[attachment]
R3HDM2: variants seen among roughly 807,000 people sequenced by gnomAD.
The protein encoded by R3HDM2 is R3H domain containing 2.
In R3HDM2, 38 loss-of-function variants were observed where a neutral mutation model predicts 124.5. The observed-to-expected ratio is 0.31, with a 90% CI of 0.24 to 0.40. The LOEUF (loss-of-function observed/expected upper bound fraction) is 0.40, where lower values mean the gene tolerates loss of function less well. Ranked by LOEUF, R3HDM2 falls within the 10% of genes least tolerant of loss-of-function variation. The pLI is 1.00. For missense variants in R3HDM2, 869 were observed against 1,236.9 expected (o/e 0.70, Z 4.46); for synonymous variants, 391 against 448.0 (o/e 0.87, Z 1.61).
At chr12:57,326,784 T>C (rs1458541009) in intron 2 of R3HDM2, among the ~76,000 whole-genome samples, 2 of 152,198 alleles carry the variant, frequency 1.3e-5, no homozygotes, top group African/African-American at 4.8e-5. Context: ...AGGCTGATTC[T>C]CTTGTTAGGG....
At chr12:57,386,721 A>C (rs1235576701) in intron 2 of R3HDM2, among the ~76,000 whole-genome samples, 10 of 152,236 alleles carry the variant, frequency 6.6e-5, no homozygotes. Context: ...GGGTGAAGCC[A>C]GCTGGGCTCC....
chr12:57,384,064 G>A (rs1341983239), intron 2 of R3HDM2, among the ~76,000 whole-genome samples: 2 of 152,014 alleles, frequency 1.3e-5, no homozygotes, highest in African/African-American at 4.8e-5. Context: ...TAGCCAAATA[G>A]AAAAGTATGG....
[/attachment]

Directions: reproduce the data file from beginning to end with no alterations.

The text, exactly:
R3HDM2: variants seen among roughly 807,000 people sequenced by gnomAD.
The protein encoded by R3HDM2 is R3H domain containing 2.
In R3HDM2, 38 loss-of-function variants were observed where a neutral mutation model predicts 124.5. The observed-to-expected ratio is 0.31, with a 90% CI of 0.24 to 0.40. The LOEUF (loss-of-function observed/expected upper bound fraction) is 0.40, where lower values mean the gene tolerates loss of function less well. Ranked by LOEUF, R3HDM2 falls within the 10% of genes least tolerant of loss-of-function variation. The pLI is 1.00. For missense variants in R3HDM2, 869 were observed against 1,236.9 expected (o/e 0.70, Z 4.46); for synonymous variants, 391 against 448.0 (o/e 0.87, Z 1.61).
At chr12:57,326,784 T>C (rs1458541009) in intron 2 of R3HDM2, among the ~76,000 whole-genome samples, 2 of 152,198 alleles carry the variant, frequency 1.3e-5, no homozygotes, top group African/African-American at 4.8e-5. Context: ...AGGCTGATTC[T>C]CTTGTTAGGG....
At chr12:57,386,721 A>C (rs1235576701) in intron 2 of R3HDM2, among the ~76,000 whole-genome samples, 10 of 152,236 alleles carry the variant, frequency 6.6e-5, no homozygotes. Context: ...GGGTGAAGCC[A>C]GCTGGGCTCC....
chr12:57,384,064 G>A (rs1341983239), intron 2 of R3HDM2, among the ~76,000 whole-genome samples: 2 of 152,014 alleles, frequency 1.3e-5, no homozygotes, highest in African/African-American at 4.8e-5. Context: ...TAGCCAAATA[G>A]AAAAGTATGG....